We’ve all felt it – that little niggle in the ankle or slight strain in the calf as we’re halfway through a run. It can be deeply frustrating, particularly for new runners who find that their bodies aren’t keeping pace with their enthusiasm.
The problem, of course, is that running is repetitive, which means it puts strain on specific muscle groups. If you’re new to running your body needs time to adapt to that strain. Recovery time is important but it is also worth considering mixing up your exercise choices. That’s where yoga can come in useful.
Yoga is an ancient practice that originated in India around 5,000 years ago, and since then has been adapted in different countries around the world. Today, there are more than 20 different types. All of them include specific postures, meditation and special breathing techniques, aimed at improving and maintaining physical and mental wellbeing.
While, it may look like everyone’s lying about on their mat relaxing, but regular yoga practice improves flexibility, strength and helps create a calm, more focused outlook on life. It can also be extremely useful for runners.
That’s because yoga helps to lengthen tight or strained muscles, stimulating recovery and restoring a natural range of motion, making it particular useful in helping runners avoid common injuries such as iliotibial band (IT) syndrome (where the ligament that runs down the outside of your thigh from hip to shin, is tight or inflamed) and plantar fasciitis. Yoga also strengthens your core, feet and ankles, especially helpful for road runners pounding the pavements.
Trail runners can benefit, as well, though, enjoying improved awareness of the position of their limbs in space – known as proprioception – thanks to balancing yoga postures, such as tree pose, eagle pose or half-moon pose.
Yoga can also improve running posture and breathing and can help you focus your mind to help you stay positive and be present in the current moment. This focus can be invaluable in endurance running when the thought of all those miles ahead of you can be overwhelming.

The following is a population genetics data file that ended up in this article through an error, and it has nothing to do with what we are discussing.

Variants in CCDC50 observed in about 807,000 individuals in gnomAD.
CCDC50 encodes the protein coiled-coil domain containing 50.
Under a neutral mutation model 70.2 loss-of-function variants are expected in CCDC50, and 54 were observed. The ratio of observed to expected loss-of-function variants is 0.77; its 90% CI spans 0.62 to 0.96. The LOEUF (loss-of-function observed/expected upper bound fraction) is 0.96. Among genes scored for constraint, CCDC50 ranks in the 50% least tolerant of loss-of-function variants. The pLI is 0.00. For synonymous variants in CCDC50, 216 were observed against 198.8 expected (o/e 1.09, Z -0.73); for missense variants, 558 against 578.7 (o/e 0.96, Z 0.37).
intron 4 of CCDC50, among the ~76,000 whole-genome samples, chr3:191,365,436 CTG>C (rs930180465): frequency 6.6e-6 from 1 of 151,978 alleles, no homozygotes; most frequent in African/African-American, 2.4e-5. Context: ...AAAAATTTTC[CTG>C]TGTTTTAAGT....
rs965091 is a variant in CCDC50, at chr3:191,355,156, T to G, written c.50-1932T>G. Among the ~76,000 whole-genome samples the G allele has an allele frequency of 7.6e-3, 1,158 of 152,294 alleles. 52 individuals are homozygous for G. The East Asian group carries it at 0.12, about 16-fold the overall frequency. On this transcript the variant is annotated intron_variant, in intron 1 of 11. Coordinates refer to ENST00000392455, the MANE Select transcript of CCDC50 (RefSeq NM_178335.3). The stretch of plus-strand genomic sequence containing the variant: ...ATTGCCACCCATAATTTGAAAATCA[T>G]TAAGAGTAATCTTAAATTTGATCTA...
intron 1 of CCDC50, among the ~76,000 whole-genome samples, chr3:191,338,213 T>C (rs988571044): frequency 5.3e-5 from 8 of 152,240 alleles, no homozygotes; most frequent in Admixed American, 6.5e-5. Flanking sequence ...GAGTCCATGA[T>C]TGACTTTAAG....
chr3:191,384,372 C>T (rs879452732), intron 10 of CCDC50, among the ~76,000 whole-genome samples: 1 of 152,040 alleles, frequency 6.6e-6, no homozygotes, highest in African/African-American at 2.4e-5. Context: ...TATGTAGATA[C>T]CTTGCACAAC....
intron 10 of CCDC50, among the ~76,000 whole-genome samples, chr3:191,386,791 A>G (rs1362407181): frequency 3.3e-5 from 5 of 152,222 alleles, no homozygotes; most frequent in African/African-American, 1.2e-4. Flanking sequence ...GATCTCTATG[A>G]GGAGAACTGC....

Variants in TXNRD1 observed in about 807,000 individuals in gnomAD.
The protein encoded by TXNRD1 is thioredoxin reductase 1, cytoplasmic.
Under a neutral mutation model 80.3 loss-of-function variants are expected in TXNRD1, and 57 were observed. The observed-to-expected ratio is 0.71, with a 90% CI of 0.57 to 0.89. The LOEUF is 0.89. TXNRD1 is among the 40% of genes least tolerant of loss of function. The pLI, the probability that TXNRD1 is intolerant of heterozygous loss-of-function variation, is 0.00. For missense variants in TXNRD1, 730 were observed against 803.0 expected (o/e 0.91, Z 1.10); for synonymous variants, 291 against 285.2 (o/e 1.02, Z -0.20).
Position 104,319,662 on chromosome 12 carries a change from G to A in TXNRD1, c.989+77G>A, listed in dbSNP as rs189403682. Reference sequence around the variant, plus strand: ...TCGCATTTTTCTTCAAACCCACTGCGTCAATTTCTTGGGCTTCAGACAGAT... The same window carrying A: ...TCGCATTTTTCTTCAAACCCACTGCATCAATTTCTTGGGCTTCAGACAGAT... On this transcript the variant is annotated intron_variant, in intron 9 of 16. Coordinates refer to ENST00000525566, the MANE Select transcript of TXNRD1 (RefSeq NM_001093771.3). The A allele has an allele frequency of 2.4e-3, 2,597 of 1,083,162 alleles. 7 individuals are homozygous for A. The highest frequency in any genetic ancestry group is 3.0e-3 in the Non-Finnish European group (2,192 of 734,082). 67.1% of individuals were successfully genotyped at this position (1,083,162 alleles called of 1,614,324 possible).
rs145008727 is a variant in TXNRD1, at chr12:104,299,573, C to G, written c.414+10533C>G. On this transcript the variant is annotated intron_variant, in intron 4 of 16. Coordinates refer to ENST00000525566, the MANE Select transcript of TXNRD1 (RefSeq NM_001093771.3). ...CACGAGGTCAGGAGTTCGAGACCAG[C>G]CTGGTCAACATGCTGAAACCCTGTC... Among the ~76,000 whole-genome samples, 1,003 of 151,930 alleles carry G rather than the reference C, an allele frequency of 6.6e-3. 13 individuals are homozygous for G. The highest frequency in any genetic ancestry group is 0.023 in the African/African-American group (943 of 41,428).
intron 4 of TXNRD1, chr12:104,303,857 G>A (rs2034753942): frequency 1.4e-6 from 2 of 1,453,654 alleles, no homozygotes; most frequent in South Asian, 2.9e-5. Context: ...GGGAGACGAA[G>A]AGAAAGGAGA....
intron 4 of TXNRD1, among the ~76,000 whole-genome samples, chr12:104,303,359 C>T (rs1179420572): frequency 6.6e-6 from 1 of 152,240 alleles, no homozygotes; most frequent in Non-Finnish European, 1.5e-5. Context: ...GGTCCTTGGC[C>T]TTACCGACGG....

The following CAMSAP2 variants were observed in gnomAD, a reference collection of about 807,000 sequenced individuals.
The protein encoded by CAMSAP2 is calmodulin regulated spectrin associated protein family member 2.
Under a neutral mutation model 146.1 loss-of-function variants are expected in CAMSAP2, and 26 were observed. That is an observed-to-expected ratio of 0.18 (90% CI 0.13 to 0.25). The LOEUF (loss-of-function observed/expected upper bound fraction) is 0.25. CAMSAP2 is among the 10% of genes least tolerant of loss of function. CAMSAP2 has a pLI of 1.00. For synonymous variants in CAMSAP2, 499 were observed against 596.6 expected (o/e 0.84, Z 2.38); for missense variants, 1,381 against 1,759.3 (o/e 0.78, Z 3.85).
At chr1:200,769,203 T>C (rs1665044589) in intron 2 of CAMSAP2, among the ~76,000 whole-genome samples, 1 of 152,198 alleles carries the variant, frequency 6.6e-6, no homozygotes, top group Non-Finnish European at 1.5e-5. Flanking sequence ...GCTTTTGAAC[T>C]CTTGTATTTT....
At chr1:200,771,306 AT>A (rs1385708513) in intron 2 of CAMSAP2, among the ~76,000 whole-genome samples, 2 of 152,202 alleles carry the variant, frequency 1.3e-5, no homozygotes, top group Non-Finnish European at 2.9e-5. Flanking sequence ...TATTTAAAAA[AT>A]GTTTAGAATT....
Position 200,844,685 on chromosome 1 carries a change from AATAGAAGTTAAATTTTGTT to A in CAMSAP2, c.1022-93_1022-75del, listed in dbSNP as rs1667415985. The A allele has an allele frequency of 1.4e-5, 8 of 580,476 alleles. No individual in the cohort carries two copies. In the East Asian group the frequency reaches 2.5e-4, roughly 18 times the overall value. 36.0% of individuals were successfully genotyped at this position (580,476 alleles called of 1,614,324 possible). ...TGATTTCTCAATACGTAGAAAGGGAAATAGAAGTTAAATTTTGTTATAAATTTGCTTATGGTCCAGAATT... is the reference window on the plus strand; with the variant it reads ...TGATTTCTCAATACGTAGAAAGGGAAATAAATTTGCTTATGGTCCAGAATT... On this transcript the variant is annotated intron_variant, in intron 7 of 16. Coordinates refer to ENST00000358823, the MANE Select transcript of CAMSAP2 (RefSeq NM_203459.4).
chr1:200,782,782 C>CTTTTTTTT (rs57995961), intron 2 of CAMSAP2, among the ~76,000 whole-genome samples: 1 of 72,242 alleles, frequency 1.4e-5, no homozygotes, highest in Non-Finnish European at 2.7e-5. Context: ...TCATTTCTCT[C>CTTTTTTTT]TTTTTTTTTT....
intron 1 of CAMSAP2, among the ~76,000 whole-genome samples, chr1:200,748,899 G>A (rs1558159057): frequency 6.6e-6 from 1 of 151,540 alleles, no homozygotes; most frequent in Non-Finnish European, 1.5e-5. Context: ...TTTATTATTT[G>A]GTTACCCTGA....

There are a number of simple yoga exercises that any runner can do to help stretch tired muscles and improve core strength. Take a look at our handy guide below:
The reflective capability of our REFLECT360 material helps other road users to identify a runner or cyclist’s position on the road at night.
It’s important when doing any kind of yoga to listen to your body and to only push it as far as feels comfortable on the day. Some of these poses are quite strong and some days you will find that you can stretch farther than others. This is perfectly normal. If you feel pain, either reduce the stretch or stop.
If you’re interested in taking up yoga as a regular practice, it is worth investigating what type would suit you best. Classic Hatha yoga is a good place to start, focusing on postures and breathing, or you might try the gentle Iyengar style (a form of Hatha). If you’re interested in something a little more dynamic that builds more of a sweat you could try Ashtanga, which involves synchronizing your breathing with a progressive series of poses, or Bikram yoga – also known as hot yoga – which concentrates on the same 26 poses and is practised in a hot room, typically 40 degrees Celsius with around 40% humidity.
For more information on yoga, check out the main UK yoga associations, which provide lists of teachers and classes in your area:
• British Wheel of Yoga (BWY), the Sport England-recognised governing body for yoga - www.bwy.org.uk
• Independent Yoga Network - www.independentyoganetwork.org
• Yoga Alliance UK - www.yogaalliance.co.uk
You can also search for a local class or teacher using the following websites: